4. Include supporting documents such as syllabi, exams, class notes, papers, etc.
  5. Submit it to one of the Economics advisors in Sequoyah Hall room 245 during advising hours.
  6. Wait for confirmation that the petition has been processed and is ready for pick up (approximately one to two weeks). We will contact you through the Virtual Advising Center (VAC).

View a sample filled out petition (PDF).

How do I request exceptions to University deadlines (late add, late/retroactive withdrawal with or without a ‘W’, change of grading option, etc) to adjust my schedule after the deadline?

Complete an Undergraduate Student Petition and submit it to our office. Please note that exceptions to the published University deadlines are usually granted only in circumstances beyond your control (computer error, hospitalization, etc). Documentation is strongly recommended.

Discontinued Majors

What was the QEDS major?

The Quantitative Economics and Decision Sciences (QEDS) Major was offered by the UCSD Economics Department beginning in 1987 and ending with the 1994 entering class.  It was a variant of the Economics Major that stressed microeconomic decisionmaking.  The required coursework focused on the theory of the firm and the mathematical and statistical tools used for economic decisionmaking.   Differences between the Economics and QEDS Majors are listed below.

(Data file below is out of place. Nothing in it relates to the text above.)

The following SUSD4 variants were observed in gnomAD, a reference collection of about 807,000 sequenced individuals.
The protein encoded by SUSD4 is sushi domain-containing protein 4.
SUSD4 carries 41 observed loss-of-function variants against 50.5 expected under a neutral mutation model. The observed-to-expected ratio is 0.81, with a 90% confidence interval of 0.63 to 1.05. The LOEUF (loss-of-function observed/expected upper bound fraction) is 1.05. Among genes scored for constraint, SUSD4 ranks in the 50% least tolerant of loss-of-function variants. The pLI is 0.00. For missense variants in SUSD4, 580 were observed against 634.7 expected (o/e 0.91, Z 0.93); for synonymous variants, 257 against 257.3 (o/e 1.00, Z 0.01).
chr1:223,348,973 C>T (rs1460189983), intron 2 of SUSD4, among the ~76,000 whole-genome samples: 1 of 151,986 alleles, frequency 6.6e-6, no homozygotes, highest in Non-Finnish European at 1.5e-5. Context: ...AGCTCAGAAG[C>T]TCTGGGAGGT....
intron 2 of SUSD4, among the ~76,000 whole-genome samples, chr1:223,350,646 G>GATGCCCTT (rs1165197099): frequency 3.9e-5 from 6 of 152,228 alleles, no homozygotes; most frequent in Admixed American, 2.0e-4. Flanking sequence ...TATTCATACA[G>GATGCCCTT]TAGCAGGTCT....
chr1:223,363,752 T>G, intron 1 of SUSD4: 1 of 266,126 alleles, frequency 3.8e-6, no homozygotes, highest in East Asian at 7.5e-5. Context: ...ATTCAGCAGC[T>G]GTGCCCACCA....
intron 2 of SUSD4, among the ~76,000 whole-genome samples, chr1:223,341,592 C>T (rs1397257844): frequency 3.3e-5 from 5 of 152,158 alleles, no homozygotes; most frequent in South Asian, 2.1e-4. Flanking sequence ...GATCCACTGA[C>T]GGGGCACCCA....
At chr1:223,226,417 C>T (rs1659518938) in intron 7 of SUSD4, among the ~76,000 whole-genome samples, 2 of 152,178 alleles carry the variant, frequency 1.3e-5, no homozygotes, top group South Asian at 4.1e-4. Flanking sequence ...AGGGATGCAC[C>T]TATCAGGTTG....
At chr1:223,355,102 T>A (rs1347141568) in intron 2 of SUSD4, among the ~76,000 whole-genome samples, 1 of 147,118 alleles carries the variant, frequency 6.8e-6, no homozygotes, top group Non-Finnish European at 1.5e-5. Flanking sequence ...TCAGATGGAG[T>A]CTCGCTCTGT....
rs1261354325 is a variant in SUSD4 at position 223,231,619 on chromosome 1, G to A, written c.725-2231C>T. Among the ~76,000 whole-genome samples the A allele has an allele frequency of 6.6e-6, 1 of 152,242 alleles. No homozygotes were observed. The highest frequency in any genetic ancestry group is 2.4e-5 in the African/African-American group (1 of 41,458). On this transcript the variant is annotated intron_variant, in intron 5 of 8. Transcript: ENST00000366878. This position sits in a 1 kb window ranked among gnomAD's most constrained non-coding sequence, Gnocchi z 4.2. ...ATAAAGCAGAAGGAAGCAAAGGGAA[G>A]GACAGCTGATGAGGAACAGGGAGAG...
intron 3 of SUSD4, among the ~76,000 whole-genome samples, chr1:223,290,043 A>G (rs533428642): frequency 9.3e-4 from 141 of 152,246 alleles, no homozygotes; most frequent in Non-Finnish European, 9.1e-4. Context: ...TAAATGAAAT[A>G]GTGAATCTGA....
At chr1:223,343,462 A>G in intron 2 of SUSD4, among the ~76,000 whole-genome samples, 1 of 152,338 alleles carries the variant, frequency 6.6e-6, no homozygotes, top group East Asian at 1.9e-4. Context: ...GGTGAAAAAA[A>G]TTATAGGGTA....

1. The QEDS Major required the calculus sequence taken by Engineering and Mathematics majors (Math 20A-B-C) as well as linear algebra (Math 20F), whereas the Economics Major allowed the general calculus sequence (Math 10A-B-C) and did not require linear algebra.
  2. The QEDS Major required the calculus-based introductory economics sequence (Econ 2A-B), whereas the Economics Major allowed the non-calculus-based sequence (Econ 1A-B).
  3. The intermediate microeconomics sequence for QEDS Majors (170A-B) stressed management applications.
  4. QEDS Majors were required to take courses on choice under uncertainty (Econ 171) and operations research (Econ 172A-B-C).
  5. QEDS Majors were required to take seven upper-division Economics courses as electives, of which two were to be business-related.   In contrast, the upper-division elective requirement for Economics Majors was six courses.
  6. QEDS Majors were not required to take the intermediate macroeconomics sequence.